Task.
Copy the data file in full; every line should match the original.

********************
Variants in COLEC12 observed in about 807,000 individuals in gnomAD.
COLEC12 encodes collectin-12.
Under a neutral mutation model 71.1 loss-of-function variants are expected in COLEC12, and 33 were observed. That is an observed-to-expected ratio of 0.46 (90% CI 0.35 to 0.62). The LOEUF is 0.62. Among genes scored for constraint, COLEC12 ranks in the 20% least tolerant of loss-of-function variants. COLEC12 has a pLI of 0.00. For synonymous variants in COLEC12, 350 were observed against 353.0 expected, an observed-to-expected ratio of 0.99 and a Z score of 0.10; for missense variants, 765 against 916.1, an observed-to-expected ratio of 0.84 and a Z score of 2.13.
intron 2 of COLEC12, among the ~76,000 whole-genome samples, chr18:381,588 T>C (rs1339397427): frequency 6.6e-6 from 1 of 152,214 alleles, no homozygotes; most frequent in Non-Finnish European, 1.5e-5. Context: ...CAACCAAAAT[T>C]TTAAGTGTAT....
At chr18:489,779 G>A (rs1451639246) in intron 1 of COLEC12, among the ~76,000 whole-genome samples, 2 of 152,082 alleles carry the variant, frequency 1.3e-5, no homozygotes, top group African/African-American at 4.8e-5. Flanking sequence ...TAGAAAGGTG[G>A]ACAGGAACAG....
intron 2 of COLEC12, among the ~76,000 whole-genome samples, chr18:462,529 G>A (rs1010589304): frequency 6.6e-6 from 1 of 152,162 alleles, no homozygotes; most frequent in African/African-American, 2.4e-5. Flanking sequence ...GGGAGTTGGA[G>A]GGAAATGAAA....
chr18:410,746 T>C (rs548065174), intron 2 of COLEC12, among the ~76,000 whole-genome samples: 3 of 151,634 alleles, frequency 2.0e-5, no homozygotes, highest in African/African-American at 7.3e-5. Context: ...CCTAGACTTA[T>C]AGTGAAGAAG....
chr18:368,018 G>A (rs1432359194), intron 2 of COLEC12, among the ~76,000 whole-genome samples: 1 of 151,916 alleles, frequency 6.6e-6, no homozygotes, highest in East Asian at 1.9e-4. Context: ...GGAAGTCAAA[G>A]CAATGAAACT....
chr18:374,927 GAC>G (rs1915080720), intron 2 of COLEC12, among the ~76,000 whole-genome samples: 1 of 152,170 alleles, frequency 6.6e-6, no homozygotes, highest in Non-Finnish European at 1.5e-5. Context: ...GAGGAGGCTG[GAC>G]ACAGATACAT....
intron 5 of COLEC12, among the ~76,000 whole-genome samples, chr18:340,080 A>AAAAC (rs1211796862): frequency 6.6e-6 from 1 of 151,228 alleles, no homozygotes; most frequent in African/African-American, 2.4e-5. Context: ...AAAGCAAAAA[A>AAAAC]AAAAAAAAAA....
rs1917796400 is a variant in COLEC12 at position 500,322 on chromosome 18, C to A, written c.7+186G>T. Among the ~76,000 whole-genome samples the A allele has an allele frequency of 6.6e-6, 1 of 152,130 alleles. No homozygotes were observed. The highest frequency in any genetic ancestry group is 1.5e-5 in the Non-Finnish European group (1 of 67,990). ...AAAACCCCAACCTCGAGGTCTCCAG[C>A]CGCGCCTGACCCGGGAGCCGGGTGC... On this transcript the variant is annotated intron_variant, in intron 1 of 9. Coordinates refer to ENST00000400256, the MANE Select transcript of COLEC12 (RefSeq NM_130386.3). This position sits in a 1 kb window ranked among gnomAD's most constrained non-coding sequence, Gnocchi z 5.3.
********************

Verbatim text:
Variants in COLEC12 observed in about 807,000 individuals in gnomAD.
COLEC12 encodes collectin-12.
Under a neutral mutation model 71.1 loss-of-function variants are expected in COLEC12, and 33 were observed. That is an observed-to-expected ratio of 0.46 (90% CI 0.35 to 0.62). The LOEUF is 0.62. Among genes scored for constraint, COLEC12 ranks in the 20% least tolerant of loss-of-function variants. COLEC12 has a pLI of 0.00. For synonymous variants in COLEC12, 350 were observed against 353.0 expected, an observed-to-expected ratio of 0.99 and a Z score of 0.10; for missense variants, 765 against 916.1, an observed-to-expected ratio of 0.84 and a Z score of 2.13.
intron 2 of COLEC12, among the ~76,000 whole-genome samples, chr18:381,588 T>C (rs1339397427): frequency 6.6e-6 from 1 of 152,214 alleles, no homozygotes; most frequent in Non-Finnish European, 1.5e-5. Context: ...CAACCAAAAT[T>C]TTAAGTGTAT....
At chr18:489,779 G>A (rs1451639246) in intron 1 of COLEC12, among the ~76,000 whole-genome samples, 2 of 152,082 alleles carry the variant, frequency 1.3e-5, no homozygotes, top group African/African-American at 4.8e-5. Flanking sequence ...TAGAAAGGTG[G>A]ACAGGAACAG....
intron 2 of COLEC12, among the ~76,000 whole-genome samples, chr18:462,529 G>A (rs1010589304): frequency 6.6e-6 from 1 of 152,162 alleles, no homozygotes; most frequent in African/African-American, 2.4e-5. Flanking sequence ...GGGAGTTGGA[G>A]GGAAATGAAA....
chr18:410,746 T>C (rs548065174), intron 2 of COLEC12, among the ~76,000 whole-genome samples: 3 of 151,634 alleles, frequency 2.0e-5, no homozygotes, highest in African/African-American at 7.3e-5. Context: ...CCTAGACTTA[T>C]AGTGAAGAAG....
chr18:368,018 G>A (rs1432359194), intron 2 of COLEC12, among the ~76,000 whole-genome samples: 1 of 151,916 alleles, frequency 6.6e-6, no homozygotes, highest in East Asian at 1.9e-4. Context: ...GGAAGTCAAA[G>A]CAATGAAACT....
chr18:374,927 GAC>G (rs1915080720), intron 2 of COLEC12, among the ~76,000 whole-genome samples: 1 of 152,170 alleles, frequency 6.6e-6, no homozygotes, highest in Non-Finnish European at 1.5e-5. Context: ...GAGGAGGCTG[GAC>G]ACAGATACAT....
intron 5 of COLEC12, among the ~76,000 whole-genome samples, chr18:340,080 A>AAAAC (rs1211796862): frequency 6.6e-6 from 1 of 151,228 alleles, no homozygotes; most frequent in African/African-American, 2.4e-5. Context: ...AAAGCAAAAA[A>AAAAC]AAAAAAAAAA....
rs1917796400 is a variant in COLEC12 at position 500,322 on chromosome 18, C to A, written c.7+186G>T. Among the ~76,000 whole-genome samples the A allele has an allele frequency of 6.6e-6, 1 of 152,130 alleles. No homozygotes were observed. The highest frequency in any genetic ancestry group is 1.5e-5 in the Non-Finnish European group (1 of 67,990). ...AAAACCCCAACCTCGAGGTCTCCAG[C>A]CGCGCCTGACCCGGGAGCCGGGTGC... On this transcript the variant is annotated intron_variant, in intron 1 of 9. Coordinates refer to ENST00000400256, the MANE Select transcript of COLEC12 (RefSeq NM_130386.3). This position sits in a 1 kb window ranked among gnomAD's most constrained non-coding sequence, Gnocchi z 5.3.